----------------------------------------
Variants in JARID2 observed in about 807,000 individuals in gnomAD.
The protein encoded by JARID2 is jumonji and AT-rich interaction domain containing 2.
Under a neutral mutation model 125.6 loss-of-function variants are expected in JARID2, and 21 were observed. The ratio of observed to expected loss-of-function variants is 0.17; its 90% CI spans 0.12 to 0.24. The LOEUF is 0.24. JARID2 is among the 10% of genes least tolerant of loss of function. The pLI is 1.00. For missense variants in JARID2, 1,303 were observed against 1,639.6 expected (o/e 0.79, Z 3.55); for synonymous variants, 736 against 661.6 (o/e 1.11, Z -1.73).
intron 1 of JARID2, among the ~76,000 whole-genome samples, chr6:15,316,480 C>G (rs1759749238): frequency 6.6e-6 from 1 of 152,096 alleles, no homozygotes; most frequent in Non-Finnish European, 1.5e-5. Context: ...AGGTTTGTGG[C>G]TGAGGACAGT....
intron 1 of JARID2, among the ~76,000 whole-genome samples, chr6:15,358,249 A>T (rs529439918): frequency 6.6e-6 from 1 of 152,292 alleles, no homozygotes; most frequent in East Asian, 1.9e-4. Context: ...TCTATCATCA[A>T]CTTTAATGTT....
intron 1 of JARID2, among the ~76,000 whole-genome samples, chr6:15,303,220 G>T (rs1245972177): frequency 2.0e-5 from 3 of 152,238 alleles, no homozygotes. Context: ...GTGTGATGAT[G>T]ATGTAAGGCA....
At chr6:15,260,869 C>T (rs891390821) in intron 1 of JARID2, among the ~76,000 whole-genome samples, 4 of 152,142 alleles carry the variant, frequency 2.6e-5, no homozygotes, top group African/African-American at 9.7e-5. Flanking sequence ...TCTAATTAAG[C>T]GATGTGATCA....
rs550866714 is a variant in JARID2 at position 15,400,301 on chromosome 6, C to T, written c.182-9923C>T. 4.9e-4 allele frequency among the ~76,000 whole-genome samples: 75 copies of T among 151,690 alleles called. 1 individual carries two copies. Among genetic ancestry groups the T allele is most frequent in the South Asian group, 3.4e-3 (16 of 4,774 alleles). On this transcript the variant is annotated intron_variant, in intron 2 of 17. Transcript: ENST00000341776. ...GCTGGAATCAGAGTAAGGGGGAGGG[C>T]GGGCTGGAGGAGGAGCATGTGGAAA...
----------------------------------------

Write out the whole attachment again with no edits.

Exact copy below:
Variants in JARID2 observed in about 807,000 individuals in gnomAD.
The protein encoded by JARID2 is jumonji and AT-rich interaction domain containing 2.
Under a neutral mutation model 125.6 loss-of-function variants are expected in JARID2, and 21 were observed. The ratio of observed to expected loss-of-function variants is 0.17; its 90% CI spans 0.12 to 0.24. The LOEUF is 0.24. JARID2 is among the 10% of genes least tolerant of loss of function. The pLI is 1.00. For missense variants in JARID2, 1,303 were observed against 1,639.6 expected (o/e 0.79, Z 3.55); for synonymous variants, 736 against 661.6 (o/e 1.11, Z -1.73).
intron 1 of JARID2, among the ~76,000 whole-genome samples, chr6:15,316,480 C>G (rs1759749238): frequency 6.6e-6 from 1 of 152,096 alleles, no homozygotes; most frequent in Non-Finnish European, 1.5e-5. Context: ...AGGTTTGTGG[C>G]TGAGGACAGT....
intron 1 of JARID2, among the ~76,000 whole-genome samples, chr6:15,358,249 A>T (rs529439918): frequency 6.6e-6 from 1 of 152,292 alleles, no homozygotes; most frequent in East Asian, 1.9e-4. Context: ...TCTATCATCA[A>T]CTTTAATGTT....
intron 1 of JARID2, among the ~76,000 whole-genome samples, chr6:15,303,220 G>T (rs1245972177): frequency 2.0e-5 from 3 of 152,238 alleles, no homozygotes. Context: ...GTGTGATGAT[G>T]ATGTAAGGCA....
At chr6:15,260,869 C>T (rs891390821) in intron 1 of JARID2, among the ~76,000 whole-genome samples, 4 of 152,142 alleles carry the variant, frequency 2.6e-5, no homozygotes, top group African/African-American at 9.7e-5. Flanking sequence ...TCTAATTAAG[C>T]GATGTGATCA....
rs550866714 is a variant in JARID2 at position 15,400,301 on chromosome 6, C to T, written c.182-9923C>T. 4.9e-4 allele frequency among the ~76,000 whole-genome samples: 75 copies of T among 151,690 alleles called. 1 individual carries two copies. Among genetic ancestry groups the T allele is most frequent in the South Asian group, 3.4e-3 (16 of 4,774 alleles). On this transcript the variant is annotated intron_variant, in intron 2 of 17. Transcript: ENST00000341776. ...GCTGGAATCAGAGTAAGGGGGAGGG[C>T]GGGCTGGAGGAGGAGCATGTGGAAA...